Perpetual connectivity is becoming the norm; and the opportunity that this new ambient era presents marketers is mammoth. Each time a consumer interacts with a connected device – whether that’s a smartphone or a connected car – they project non-personally identifiable (PII) signals that contribute to their digital footprint. This influx of digital data can enable marketers to map consumer journeys across channels and produce actionable insights in real time.
From here, marketers can understand their consumers and deliver relevant experiences on a granular level never seen before. This concept sounds simple enough, but making the most of the opportunity involves being equipped to harness an ever-growing mass of real-time data. So, could ambient intelligence be the solution marketers are looking for?
Ambient intelligence explained
Ambient intelligence is powered by developments in AI and refers to the process of gathering and analysing a wide spectrum of data signals generated in smart environments.
By integrating information streams as diverse as location, traffic, weather, retail transaction, and content data – rather than relying on single touchpoints – marketers, across any vertical, can build up a multidimensional picture of their audiences. They can delve deeper into individual habits and mindsets, empowering them to reach the right consumers with valuable messaging. Ambient intelligence allows marketers to analyse the complete consumer journey as it traverses both offline and online environments.
Some of the insights available through ambient intelligence are similar to those traditionally gained through in-depth market research, but without the expensive, time-consuming, and often imprecise research process, and with the ability to generate valuable insights in real time and at scale.
A cross-vertical tactic for smarter marketing
Businesses across all verticals can use ambient intelligence to gain a deeper understanding of their consumers and make smarter business decisions. They can combine ambient data signals to identify users across multiple channels and places to gain a unified consumer view.
Retailers, in particular, can leverage insights from multiple data streams to evaluate demography, audience types, visitation rates, and peak visitation periods for their own stores, as well as their competitors. They can use these insights to determine the most appropriate places to open new stores, for instance, or the most effective touchpoints and channels for influencing walk-ins. Retailers can also identify the most effective channels and devices for upsells or cross-sells to specific audiences.
Banking and finance is another sector that can make effective use of ambient intelligence. Banks can use predictive models to gauge demand for home loans, identifying consumers likely to need a mortgage and using the demographic and behavioural data from potential homeowners to tailor their mortgage rates and offers to specific markets. Banks and insurance companies can also use ambient intelligence to identify audiences with a propensity to use new products or services, and to drive awareness among those audiences via the most appropriate channel. They can analyse footfall and the mix of consumer requirements at individual branch locations to inform resource allocation decisions.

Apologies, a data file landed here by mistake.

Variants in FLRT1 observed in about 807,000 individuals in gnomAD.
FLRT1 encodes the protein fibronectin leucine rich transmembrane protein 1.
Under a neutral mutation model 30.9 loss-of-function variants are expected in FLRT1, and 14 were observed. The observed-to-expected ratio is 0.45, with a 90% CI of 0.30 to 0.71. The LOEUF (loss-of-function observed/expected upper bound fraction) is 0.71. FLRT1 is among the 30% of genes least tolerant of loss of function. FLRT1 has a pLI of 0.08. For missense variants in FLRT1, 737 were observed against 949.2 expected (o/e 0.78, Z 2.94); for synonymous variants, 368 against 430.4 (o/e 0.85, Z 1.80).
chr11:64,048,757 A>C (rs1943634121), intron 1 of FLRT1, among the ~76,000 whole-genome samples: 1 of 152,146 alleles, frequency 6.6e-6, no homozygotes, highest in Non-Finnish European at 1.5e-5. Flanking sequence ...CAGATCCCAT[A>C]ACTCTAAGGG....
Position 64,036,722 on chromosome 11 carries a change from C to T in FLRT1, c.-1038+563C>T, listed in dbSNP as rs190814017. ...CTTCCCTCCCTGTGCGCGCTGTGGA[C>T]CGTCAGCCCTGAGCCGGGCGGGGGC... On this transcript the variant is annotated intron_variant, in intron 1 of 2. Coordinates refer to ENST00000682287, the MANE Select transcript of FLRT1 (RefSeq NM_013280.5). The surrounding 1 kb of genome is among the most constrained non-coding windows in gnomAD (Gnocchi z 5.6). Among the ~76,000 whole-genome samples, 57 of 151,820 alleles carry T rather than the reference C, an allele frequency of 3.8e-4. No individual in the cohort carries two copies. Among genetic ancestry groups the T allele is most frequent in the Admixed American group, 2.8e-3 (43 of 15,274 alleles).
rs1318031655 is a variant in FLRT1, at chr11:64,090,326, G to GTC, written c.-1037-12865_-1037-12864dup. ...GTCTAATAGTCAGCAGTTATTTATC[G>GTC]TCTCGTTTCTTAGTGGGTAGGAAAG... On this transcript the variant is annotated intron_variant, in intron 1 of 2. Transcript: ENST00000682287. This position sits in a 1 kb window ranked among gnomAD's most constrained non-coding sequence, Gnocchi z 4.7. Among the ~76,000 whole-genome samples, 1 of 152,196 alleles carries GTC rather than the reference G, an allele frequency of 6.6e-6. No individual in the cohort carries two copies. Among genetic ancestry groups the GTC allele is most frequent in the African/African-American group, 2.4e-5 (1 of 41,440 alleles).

Effective application of data insights
The biggest challenge in a connected world is the sheer volume of data available and the multitude of sources providing data signals, which can leave marketers feeling somewhat overwhelmed. But there’s no need to fear the data. There are intelligent platforms available to assist marketers in collating information from multiple sources and generating high-quality insights in real time.
The key is to identify pertinent data streams that will generate truly actionable insights. Marketers should consider overall business strategy and their specific objectives when determining which data types and sources will be most beneficial, rather than trying to use every possible signal and ending up drowning in a sea of information. Data should be used to develop and enhance the marketing plan, rather than forming the basis of strategy.
As consumers’ digital feet continue to plot their journey with ever-greater detail, providing valuable data signals with each and every interaction, marketers can use ambient intelligence to boost the efficiency of their marketing campaigns and drive performance. By leveraging the most effective tools and technologies, and selecting the data streams that will deliver actionable insight, marketers can journey alongside consumer footprints into the new era of connectivity.
Also published in ExchangeWire.